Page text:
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IN NUMBERS: Five things to know about Germany’s foreign population

The Ministry for Migration and Asylum Seekers in Nuremburg
The Ministry for Migration and Asylum Seekers in Nuremburg. Photo: picture-alliance / dpa/dpaweb | Peter_Roggenthin
There are more than 20 million people with a migration background living in Germany but who are they all, and what are their backgrounds? The Local takes a look at the latest facts and figures.

What counts as ‘foreign’ in Germany?

When discussing the migrant population in Germany, you might hear a few different terms used – with some overlap between them. The first, Ausländer (foreigner), generally refers to anyone without a German passport: first-generation migrants, refugees and expats that aren’t naturalised, as well as some children of migrants who have opted to keep their parents’ nationality. 

The second category is people with a migration background (Migrationshintergrund), who may be naturalised Germans but were born elsewhere, or have at least one foreign-born parent. The term Migrationshintergrund entered into political parlance in 2005, when a micro-census in Germany started looking more deeply into the backgrounds of people living in Germany – both with and without German passports.

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Since then, discussions of Germany’s migrant population has become much more nuanced than simply splitting people up based on their nationality. Nowadays, statisticians and pollsters understand that people with German passports are a diverse group and that many naturalised Germans have strong ties to other parts of the world.

People with a migration background make up a significant proportion of the German population as a whole. More than a quarter – 26.7 percent – of the population was either born elsewhere or has at least one parent who was born elsewhere. That’s almost 22 million people. 

Meanwhile, at the end of 2020, around 11.4 million foreigners were living in Germany without a Germany passport. That equates to 12.6 percent of the population. Of these non-Germans, around 6.1 million are men, and 5.3 million are women. 

The remaining 15.3 million people are German nationals who come from a multi-nationality family. This group accounts for 14 percent of the German population as a whole.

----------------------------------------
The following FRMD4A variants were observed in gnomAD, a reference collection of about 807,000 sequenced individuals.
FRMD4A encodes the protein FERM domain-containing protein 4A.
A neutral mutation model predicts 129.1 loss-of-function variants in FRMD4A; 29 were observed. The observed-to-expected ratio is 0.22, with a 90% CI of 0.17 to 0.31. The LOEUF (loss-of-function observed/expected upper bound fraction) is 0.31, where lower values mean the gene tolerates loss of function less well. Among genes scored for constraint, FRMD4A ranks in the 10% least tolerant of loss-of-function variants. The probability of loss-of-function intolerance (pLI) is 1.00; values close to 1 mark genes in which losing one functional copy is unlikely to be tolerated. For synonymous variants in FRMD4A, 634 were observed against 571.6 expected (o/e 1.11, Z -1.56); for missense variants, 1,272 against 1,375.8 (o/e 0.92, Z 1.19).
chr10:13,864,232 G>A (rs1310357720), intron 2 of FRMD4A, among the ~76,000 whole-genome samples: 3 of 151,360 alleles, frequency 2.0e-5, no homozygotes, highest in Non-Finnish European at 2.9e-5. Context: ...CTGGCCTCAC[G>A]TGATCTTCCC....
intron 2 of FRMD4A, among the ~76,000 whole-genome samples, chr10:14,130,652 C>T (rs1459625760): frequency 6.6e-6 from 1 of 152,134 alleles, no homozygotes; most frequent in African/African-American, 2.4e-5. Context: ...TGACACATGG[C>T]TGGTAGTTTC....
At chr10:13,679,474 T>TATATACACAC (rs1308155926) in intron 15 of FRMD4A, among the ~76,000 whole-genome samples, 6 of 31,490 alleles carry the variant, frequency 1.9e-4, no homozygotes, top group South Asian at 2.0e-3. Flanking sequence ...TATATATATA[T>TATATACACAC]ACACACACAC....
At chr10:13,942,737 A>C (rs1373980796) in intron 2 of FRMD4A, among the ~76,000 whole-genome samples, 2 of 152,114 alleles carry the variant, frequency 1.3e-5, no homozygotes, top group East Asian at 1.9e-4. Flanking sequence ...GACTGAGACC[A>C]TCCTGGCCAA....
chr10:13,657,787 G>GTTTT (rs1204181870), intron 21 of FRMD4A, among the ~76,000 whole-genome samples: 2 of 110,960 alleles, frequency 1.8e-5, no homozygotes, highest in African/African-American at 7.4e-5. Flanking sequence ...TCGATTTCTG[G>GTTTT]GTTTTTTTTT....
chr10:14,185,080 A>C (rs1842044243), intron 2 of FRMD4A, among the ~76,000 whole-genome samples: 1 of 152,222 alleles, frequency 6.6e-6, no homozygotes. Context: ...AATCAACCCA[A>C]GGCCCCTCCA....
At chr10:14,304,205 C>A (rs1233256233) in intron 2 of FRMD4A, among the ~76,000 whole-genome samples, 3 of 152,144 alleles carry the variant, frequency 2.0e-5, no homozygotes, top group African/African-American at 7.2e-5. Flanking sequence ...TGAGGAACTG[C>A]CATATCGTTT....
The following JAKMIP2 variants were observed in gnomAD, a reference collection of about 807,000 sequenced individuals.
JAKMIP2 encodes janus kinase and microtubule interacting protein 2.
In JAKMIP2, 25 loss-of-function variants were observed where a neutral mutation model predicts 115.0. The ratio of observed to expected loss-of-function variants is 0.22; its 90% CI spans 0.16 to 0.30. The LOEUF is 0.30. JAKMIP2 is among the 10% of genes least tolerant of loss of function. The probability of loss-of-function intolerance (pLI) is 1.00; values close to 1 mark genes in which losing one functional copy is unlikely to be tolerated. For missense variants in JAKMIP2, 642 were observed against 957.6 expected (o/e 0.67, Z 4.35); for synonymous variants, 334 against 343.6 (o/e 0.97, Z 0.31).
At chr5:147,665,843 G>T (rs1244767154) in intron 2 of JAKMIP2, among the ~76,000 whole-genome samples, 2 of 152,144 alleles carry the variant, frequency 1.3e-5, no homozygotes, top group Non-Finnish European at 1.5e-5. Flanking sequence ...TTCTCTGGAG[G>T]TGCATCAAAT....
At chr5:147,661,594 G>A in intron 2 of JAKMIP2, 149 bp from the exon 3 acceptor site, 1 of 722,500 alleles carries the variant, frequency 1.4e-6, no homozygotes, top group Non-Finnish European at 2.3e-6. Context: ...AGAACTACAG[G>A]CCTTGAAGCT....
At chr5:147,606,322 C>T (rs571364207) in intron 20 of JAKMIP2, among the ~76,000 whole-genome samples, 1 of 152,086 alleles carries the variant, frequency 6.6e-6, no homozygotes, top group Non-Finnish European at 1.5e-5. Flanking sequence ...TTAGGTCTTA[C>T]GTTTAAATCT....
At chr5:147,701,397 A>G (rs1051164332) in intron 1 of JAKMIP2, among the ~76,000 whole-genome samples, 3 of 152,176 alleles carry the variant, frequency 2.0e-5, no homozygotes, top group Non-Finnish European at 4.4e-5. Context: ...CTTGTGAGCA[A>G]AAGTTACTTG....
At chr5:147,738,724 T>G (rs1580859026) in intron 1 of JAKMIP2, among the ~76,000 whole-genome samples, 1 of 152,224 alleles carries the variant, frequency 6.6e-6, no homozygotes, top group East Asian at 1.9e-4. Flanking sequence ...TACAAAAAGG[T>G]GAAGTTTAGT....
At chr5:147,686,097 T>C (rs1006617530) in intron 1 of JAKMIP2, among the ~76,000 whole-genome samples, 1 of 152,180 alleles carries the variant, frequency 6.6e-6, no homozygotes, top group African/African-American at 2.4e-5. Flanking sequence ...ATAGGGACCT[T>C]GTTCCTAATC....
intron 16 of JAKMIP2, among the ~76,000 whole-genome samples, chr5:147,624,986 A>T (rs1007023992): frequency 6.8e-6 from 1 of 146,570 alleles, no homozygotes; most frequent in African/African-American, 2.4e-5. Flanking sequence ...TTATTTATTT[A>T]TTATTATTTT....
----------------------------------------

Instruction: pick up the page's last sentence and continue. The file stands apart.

READ ALSO: ‘Germany is a country with a migrant background,’ says President Steinmeier

Highest proportion of ‘foreigners’ come from Turkey

Due to the strong historic ties between Turkey and Germany, it’s perhaps unsurprising that people with a Turkish passport make up the largest Ausländer group in Germany. According to the latest government statistics, around 1.5 million Turkish ‘foreigners’ live in Germany – though in many cases, the term ‘foreigner’ may be a little misleading.  

In the 1950s and 1960s, Germany opened up its borders to a large group of so-called Gastarbeiter, or guest workers, who contributed to rebuilding the country after World War Two. Many of these people came from Turkey and went on to start families here – but despite being here for decades on end, many have never become German, possibly due to Germany’s tough dual nationality rules.

In fact, a number of people who were born in Germany and have never lived in Turkey are still considered foreigners due to their Turkish nationality.

One example is ex-professional football player Mesut Özil, who grew up in Germany as a Turkish citizen and eventually surrendered his Turkish nationality in order to play for the German national team. Despite his German upbringing, Özil repeatedly complained that he was caught between the two countries and generally held accountable for anything that went wrong in the team’s performance.

“I am German when we win and an immigrant when we lose,” he famously said in a statement announcing his retirement from the German team in 2018.

Mesut Özil
Mesut Özil practices ahead of a match in the 2014 World Cup. Though born in Germany, Özil felt he was always considered an “immigrant”. Photo: picture alliance / dpa | Marcus Mueller-Saran